1. Break the goals into steps; create a checklist

For people with more advanced memory problems, checklists can be essential, although they can be useful motivation tools for anyone. Start your checklist with the goal at the top and below that, the six or seven simple steps that might go into achieving that goal. The participant would then check off the steps he or she has completed and feel accomplishment in the progress towards that goal.

For a social/physical goal like “take a walk with a friend,” the steps might include: 1) mark your calendar to call your friend 2) call and find a date and time that works 3) decide on a meeting location 4) mark your calendar with the date and time for the walk 4) call the night before to confirm 5) put on comfortable shoes, etc.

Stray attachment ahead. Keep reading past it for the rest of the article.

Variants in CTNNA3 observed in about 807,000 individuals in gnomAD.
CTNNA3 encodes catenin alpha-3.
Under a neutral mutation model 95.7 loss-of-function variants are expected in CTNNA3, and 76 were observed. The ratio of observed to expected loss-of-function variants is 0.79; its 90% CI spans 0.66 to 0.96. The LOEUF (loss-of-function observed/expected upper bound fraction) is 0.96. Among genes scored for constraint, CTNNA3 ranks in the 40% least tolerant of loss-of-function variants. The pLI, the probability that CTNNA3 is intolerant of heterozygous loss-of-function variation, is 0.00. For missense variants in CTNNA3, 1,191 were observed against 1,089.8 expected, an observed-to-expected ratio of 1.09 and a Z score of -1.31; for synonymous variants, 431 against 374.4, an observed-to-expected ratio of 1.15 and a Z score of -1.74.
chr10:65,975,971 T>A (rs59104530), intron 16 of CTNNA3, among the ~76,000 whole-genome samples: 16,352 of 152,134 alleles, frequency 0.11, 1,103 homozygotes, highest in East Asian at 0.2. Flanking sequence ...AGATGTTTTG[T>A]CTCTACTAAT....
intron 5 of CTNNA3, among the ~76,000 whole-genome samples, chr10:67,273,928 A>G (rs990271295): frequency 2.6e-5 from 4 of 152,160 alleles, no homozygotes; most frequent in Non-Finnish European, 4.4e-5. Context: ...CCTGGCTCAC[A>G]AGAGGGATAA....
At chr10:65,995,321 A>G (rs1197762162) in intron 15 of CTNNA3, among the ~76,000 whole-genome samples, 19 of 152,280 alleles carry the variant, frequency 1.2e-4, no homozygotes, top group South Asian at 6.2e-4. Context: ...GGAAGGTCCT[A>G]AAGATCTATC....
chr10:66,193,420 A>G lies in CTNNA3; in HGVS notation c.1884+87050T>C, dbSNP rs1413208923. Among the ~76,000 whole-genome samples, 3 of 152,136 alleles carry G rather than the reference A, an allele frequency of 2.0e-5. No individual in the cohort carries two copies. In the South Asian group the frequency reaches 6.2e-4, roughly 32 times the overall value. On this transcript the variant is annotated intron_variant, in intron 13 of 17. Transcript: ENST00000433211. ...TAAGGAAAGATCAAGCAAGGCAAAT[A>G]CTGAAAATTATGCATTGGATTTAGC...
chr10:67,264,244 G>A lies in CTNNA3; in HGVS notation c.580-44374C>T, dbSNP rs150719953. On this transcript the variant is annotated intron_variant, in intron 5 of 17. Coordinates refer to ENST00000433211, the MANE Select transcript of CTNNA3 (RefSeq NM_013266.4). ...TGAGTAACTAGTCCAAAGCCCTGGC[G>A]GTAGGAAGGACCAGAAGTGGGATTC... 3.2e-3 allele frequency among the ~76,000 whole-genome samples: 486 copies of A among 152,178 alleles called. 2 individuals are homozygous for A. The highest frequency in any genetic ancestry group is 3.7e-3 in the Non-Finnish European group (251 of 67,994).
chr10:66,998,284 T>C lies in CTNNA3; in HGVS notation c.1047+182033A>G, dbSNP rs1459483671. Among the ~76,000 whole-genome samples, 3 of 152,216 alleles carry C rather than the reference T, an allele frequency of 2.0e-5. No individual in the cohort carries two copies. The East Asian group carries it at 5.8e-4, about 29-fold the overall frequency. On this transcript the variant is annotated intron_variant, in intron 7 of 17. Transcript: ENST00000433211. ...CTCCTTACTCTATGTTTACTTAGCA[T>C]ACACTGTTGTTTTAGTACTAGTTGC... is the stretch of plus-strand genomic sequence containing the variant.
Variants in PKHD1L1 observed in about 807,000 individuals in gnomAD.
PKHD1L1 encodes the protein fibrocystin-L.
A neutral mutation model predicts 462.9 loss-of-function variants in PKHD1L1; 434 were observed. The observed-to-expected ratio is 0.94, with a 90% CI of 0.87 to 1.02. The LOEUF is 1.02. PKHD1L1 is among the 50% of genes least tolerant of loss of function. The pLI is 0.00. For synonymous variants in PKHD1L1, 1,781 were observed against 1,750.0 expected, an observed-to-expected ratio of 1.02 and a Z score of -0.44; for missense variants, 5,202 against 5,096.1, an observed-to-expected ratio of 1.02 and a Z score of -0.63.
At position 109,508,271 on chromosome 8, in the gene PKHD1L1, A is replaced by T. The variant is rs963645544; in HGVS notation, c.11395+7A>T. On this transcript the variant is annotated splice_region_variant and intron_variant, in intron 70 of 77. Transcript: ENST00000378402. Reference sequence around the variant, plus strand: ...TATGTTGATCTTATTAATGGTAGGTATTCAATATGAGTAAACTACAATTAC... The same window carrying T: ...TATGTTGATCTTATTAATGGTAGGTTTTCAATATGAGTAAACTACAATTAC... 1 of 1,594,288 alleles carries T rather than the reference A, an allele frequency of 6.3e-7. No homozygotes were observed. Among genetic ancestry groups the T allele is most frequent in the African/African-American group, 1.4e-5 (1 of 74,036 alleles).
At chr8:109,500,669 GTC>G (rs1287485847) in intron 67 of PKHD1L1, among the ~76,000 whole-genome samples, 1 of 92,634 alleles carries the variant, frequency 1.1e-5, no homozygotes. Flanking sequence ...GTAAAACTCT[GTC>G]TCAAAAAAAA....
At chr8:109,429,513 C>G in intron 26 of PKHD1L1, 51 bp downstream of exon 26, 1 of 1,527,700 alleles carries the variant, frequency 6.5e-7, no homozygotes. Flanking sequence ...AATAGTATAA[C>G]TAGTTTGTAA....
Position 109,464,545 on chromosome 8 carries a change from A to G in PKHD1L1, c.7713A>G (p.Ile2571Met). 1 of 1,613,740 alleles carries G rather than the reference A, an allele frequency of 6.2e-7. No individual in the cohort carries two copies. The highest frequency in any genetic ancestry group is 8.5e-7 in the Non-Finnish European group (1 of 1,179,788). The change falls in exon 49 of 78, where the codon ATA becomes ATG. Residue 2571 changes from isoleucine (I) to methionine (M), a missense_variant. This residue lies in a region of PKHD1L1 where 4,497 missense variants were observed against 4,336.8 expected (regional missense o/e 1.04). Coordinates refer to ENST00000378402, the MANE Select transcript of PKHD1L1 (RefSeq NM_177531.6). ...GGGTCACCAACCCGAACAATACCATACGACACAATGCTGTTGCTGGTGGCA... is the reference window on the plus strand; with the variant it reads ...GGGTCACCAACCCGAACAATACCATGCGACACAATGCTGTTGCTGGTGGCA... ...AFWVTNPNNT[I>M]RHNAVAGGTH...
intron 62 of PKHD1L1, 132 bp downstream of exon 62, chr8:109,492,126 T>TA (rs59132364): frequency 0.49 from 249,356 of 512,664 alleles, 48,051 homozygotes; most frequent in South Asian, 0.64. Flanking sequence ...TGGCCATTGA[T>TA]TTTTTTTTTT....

“Keep in mind that memory is an issue, so memory aids like checklists, calendars, refrigerator whiteboards, or leaving a jigsaw puzzle in plain view become much more important in helping a person achieve their goal,” says Akpan.


  1. Compassionately manage setbacks

A loved one may have a medical setback or admit that they have not met their goals. This is normal. Managing through these setbacks – with compassion and understanding – will go a long way. What caused the setback and were the goals too daunting? Is there an opportunity to create smaller, more actionable steps that do not overwhelm?